Marja-Leena Rathje
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hand with peace lily



1.mlRathjeHandwPeaceLily.jpg

The last of the group of the hand-with-objects images originally created for qarrtsiluni's worship issue.

The others in the series:
the artist's hand with ammonite
the artist's hand with kelp
the artist's hand with stones
the artist's hand with physalis

Related images (not for qarrtsiluni):
the artist's hand with pen
the artist's hand with heart

Added March 10th: While looking for something else in my archives, I found these photos of peace lily flowers in early to late stages of life.

Marja-Leena | 06/03/2012 | 12 comments
themes: Human, Nature, Photoworks


12 comments

Marja-Leena!

Never heard of the word, or the literary magazine (or music? plays?)! Something can be ordered as a podcast? Somebody wrote about a snake, that was killed? Then there is an issue of worship?

We do have a synonyme-dictionary somewhere in this household, but it has ran away. I am constantly amazed of how even the huge big objects disappear from the supposed place. Quarrtsiluni could be an Indian name.

I did Google the name, but only come up with this publication. Or is it maybe a group?

Anyway, the plant that is in your hand is called vehka. I don't know what it is in English. Is is blooming now? Then you have a full size Spring over there!

peace lily! i didn't know that. interesting series. x

Ripsa! Qarrtsiluni is a wonderful online magazine that has been active for several years. Check the 'about' page, where for example it says: 'The title comes from an Iñupiaq word that means “sitting together in the darkness, waiting for something to burst.”'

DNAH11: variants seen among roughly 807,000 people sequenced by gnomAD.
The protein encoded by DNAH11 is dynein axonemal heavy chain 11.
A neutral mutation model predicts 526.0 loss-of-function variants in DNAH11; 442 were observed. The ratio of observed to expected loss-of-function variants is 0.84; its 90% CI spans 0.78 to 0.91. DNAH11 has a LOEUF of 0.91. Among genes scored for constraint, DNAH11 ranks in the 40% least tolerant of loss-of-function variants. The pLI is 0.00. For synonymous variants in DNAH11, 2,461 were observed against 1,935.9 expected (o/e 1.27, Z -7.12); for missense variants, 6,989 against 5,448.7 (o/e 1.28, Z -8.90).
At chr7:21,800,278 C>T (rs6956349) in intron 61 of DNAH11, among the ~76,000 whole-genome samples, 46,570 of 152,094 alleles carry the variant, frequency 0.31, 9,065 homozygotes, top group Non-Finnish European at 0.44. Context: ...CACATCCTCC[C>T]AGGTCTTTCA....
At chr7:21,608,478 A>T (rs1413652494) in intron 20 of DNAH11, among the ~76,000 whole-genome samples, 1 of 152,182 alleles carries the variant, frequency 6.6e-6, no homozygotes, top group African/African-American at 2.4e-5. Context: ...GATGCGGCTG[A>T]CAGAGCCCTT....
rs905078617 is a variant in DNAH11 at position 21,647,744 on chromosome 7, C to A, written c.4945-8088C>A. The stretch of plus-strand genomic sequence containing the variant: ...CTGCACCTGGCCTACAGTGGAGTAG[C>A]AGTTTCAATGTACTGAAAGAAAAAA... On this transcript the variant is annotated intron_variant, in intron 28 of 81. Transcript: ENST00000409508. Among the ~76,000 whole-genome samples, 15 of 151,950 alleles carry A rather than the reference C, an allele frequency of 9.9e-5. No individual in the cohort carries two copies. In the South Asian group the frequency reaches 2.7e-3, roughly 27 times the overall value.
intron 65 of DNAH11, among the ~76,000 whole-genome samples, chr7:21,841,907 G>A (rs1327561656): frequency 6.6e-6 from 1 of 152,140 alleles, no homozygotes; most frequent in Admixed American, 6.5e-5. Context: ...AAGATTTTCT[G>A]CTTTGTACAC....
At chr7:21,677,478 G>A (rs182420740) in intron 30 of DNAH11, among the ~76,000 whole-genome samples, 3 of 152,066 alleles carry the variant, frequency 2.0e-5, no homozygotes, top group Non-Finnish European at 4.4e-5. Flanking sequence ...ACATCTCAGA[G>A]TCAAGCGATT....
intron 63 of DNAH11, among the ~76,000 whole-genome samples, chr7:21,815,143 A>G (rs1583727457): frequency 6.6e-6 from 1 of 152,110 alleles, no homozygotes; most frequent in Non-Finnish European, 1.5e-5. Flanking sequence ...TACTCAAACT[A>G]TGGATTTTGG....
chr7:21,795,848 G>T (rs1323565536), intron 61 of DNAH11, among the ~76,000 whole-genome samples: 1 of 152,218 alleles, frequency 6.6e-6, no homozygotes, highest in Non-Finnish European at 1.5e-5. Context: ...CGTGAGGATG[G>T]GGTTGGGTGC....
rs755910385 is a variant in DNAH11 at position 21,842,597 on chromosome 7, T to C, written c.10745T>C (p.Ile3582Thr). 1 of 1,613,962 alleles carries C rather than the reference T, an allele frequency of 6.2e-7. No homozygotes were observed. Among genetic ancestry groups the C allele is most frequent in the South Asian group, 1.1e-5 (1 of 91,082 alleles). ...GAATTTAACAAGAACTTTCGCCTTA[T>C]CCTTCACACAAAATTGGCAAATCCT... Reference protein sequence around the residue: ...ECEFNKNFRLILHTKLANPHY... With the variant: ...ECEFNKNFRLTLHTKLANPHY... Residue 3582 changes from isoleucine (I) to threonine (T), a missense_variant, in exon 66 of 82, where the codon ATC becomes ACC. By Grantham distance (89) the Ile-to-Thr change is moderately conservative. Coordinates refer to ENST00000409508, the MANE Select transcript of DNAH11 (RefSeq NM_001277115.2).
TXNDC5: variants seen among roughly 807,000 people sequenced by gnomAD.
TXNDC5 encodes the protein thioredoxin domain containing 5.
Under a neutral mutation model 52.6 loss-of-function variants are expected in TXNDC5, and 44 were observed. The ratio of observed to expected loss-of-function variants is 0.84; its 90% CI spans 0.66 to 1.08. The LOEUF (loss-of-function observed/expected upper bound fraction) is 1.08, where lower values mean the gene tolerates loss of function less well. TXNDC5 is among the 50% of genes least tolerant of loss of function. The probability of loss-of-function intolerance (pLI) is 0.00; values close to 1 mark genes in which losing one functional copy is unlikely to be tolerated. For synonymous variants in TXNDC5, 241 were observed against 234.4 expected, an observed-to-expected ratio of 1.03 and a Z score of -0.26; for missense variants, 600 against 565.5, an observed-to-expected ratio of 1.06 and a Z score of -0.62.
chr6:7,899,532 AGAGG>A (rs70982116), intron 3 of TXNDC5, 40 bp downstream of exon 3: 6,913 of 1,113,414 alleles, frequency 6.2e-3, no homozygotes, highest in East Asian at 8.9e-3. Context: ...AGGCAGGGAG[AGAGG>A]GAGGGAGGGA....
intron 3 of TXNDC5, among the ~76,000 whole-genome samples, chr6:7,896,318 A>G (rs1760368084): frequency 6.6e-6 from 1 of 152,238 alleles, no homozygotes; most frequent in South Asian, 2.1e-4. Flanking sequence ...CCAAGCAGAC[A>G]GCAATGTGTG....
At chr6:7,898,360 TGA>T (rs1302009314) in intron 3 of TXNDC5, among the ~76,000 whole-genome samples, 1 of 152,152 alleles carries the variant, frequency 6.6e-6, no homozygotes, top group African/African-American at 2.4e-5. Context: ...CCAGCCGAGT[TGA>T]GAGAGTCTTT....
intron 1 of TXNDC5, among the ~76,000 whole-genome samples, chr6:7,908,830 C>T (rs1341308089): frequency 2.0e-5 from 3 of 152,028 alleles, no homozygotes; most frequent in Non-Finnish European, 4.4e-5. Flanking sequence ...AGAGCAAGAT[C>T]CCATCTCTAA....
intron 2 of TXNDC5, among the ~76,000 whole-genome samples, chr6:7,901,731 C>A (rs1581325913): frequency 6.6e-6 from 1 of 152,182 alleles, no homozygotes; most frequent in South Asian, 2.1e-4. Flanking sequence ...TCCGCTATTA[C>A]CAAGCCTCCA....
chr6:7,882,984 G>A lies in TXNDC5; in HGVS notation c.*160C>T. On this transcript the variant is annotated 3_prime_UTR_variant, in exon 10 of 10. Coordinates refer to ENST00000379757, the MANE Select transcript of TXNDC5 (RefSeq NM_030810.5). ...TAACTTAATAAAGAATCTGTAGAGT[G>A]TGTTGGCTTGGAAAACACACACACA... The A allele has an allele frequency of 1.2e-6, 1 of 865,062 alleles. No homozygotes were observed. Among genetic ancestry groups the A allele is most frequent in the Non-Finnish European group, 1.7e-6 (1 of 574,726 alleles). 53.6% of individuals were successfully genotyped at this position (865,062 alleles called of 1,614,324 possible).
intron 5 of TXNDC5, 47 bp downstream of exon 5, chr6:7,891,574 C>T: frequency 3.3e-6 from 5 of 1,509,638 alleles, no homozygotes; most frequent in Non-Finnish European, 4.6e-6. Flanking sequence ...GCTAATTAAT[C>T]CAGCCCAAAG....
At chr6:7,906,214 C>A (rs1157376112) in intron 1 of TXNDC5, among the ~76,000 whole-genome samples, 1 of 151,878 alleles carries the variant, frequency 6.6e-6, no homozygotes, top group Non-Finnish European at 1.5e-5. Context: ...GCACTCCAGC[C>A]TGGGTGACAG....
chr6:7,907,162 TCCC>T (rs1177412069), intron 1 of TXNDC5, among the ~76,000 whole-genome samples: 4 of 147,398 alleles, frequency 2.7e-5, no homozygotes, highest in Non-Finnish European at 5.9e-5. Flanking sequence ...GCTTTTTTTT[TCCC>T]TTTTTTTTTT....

Yes, many of the posts are available as podcasts, especially the poetry. I've submitted and had published several images over the years for different themes, which change every few months when they send out a call for submissions, often using guest editors. This series to which I submitted was for the theme of worship, which can be very loosely interpreted, as I have done.

The flower here is a peace lily, a houseplant here. Thanks for the Finnish name which I did not know. The flower is usually white but turns green when it goes to seed and is about to whither and turn brown.

Elisa, I didn't know the name either until just a few years ago, from Erika I think. Yes, it is an interesting series for me. The worship theme had me puzzling, and this idea came to me after I'd done the scan 'artist's hand with a pen' earlier. You know how I love scanning.

Ah, you are so talented. That photo is perfect.

Hattie, thank you, you are so kind!

A very nice take on the suggestion of form and spirit. It's occurred to me that humans on an alien planet, no matter how beautiful, simply wouldn't belong to its life cycle. Here, everything natural fits.

Susan, thanks. Interesting thoughts on possible humans on an alien
planet...

Marja-Leena!
I think we've talked about this flower before. Vehka can be cultivated, in which case it has in it a really big one white flower, very strange, it's like a piece of white thin paper which is folded half way over itself.

The cultivated form is called kalla, and it's used as a funeral flower.

I have to check the magazine! Nice that it exists. My husband has a small book which has most of the West coast Indian tribes, but that one wasn't there. Are there some of the Indians left yet?

I do know that most of the tribes that used to live in the Cascades are simply gone.

Ripsa, I'm glad you like qarrtsiluni.

As I understand from wikipedia, the peace lily is not">http://en.wikipedia.org/wiki/Spathiphyllum">not a true lily and there are many kinds. Calla">http://en.wikipedia.org/wiki/Calla">Calla is of the same family but a different genus and does grow outdoors. Yes, the white one is popular for funerals, and there are many coloured ones in some gardens here.

The Iñupiaq">http://library.thinkquest.org/22550/inupiaq.html">Iñupiaq are Inuit (Eskimos). As for Indians, or First Nations as we call them, there are many all over our province, even in our city.

Hope the links will give you more information, Ripsa! Perhaps you can find Finnish ones.

Another lovely photo+concept. The titles of the series read as their own poem.

Naomi, what a lovely observation re a poem, thank you.